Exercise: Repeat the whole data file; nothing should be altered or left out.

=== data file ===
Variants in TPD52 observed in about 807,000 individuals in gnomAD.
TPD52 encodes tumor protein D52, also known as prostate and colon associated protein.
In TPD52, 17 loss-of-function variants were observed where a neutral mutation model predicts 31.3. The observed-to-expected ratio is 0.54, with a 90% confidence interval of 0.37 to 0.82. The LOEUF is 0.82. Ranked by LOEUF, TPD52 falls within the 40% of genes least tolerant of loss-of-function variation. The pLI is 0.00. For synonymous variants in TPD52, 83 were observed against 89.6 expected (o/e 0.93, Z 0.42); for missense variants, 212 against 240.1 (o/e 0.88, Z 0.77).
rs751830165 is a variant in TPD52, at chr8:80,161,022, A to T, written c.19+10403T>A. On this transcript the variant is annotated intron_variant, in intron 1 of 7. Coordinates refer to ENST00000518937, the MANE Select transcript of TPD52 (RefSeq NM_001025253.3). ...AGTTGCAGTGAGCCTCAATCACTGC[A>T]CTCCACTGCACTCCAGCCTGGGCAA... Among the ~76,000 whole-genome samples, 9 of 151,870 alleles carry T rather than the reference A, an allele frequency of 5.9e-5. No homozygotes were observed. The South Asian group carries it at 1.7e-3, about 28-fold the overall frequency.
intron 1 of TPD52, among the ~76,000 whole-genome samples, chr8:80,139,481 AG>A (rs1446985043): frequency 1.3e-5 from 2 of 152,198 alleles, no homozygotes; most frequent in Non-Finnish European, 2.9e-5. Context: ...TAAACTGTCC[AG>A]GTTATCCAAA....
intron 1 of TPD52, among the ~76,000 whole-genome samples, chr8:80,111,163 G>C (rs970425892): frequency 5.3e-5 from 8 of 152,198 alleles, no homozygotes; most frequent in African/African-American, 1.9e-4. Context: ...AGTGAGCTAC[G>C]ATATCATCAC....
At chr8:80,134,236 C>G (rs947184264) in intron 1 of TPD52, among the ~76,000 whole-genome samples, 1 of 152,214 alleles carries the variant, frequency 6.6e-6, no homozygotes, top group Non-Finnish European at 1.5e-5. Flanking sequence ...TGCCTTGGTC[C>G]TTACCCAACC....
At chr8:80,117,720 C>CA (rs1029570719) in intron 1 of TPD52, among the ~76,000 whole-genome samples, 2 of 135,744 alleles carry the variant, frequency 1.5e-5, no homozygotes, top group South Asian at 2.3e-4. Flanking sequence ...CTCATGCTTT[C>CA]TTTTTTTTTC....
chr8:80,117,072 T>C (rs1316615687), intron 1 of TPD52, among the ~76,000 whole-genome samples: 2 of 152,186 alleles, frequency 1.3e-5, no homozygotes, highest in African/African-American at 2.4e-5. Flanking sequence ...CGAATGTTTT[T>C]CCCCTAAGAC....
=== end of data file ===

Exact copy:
Variants in TPD52 observed in about 807,000 individuals in gnomAD.
TPD52 encodes tumor protein D52, also known as prostate and colon associated protein.
In TPD52, 17 loss-of-function variants were observed where a neutral mutation model predicts 31.3. The observed-to-expected ratio is 0.54, with a 90% confidence interval of 0.37 to 0.82. The LOEUF is 0.82. Ranked by LOEUF, TPD52 falls within the 40% of genes least tolerant of loss-of-function variation. The pLI is 0.00. For synonymous variants in TPD52, 83 were observed against 89.6 expected (o/e 0.93, Z 0.42); for missense variants, 212 against 240.1 (o/e 0.88, Z 0.77).
rs751830165 is a variant in TPD52, at chr8:80,161,022, A to T, written c.19+10403T>A. On this transcript the variant is annotated intron_variant, in intron 1 of 7. Coordinates refer to ENST00000518937, the MANE Select transcript of TPD52 (RefSeq NM_001025253.3). ...AGTTGCAGTGAGCCTCAATCACTGC[A>T]CTCCACTGCACTCCAGCCTGGGCAA... Among the ~76,000 whole-genome samples, 9 of 151,870 alleles carry T rather than the reference A, an allele frequency of 5.9e-5. No homozygotes were observed. The South Asian group carries it at 1.7e-3, about 28-fold the overall frequency.
intron 1 of TPD52, among the ~76,000 whole-genome samples, chr8:80,139,481 AG>A (rs1446985043): frequency 1.3e-5 from 2 of 152,198 alleles, no homozygotes; most frequent in Non-Finnish European, 2.9e-5. Context: ...TAAACTGTCC[AG>A]GTTATCCAAA....
intron 1 of TPD52, among the ~76,000 whole-genome samples, chr8:80,111,163 G>C (rs970425892): frequency 5.3e-5 from 8 of 152,198 alleles, no homozygotes; most frequent in African/African-American, 1.9e-4. Context: ...AGTGAGCTAC[G>C]ATATCATCAC....
At chr8:80,134,236 C>G (rs947184264) in intron 1 of TPD52, among the ~76,000 whole-genome samples, 1 of 152,214 alleles carries the variant, frequency 6.6e-6, no homozygotes, top group Non-Finnish European at 1.5e-5. Flanking sequence ...TGCCTTGGTC[C>G]TTACCCAACC....
At chr8:80,117,720 C>CA (rs1029570719) in intron 1 of TPD52, among the ~76,000 whole-genome samples, 2 of 135,744 alleles carry the variant, frequency 1.5e-5, no homozygotes, top group South Asian at 2.3e-4. Flanking sequence ...CTCATGCTTT[C>CA]TTTTTTTTTC....
chr8:80,117,072 T>C (rs1316615687), intron 1 of TPD52, among the ~76,000 whole-genome samples: 2 of 152,186 alleles, frequency 1.3e-5, no homozygotes, highest in African/African-American at 2.4e-5. Flanking sequence ...CGAATGTTTT[T>C]CCCCTAAGAC....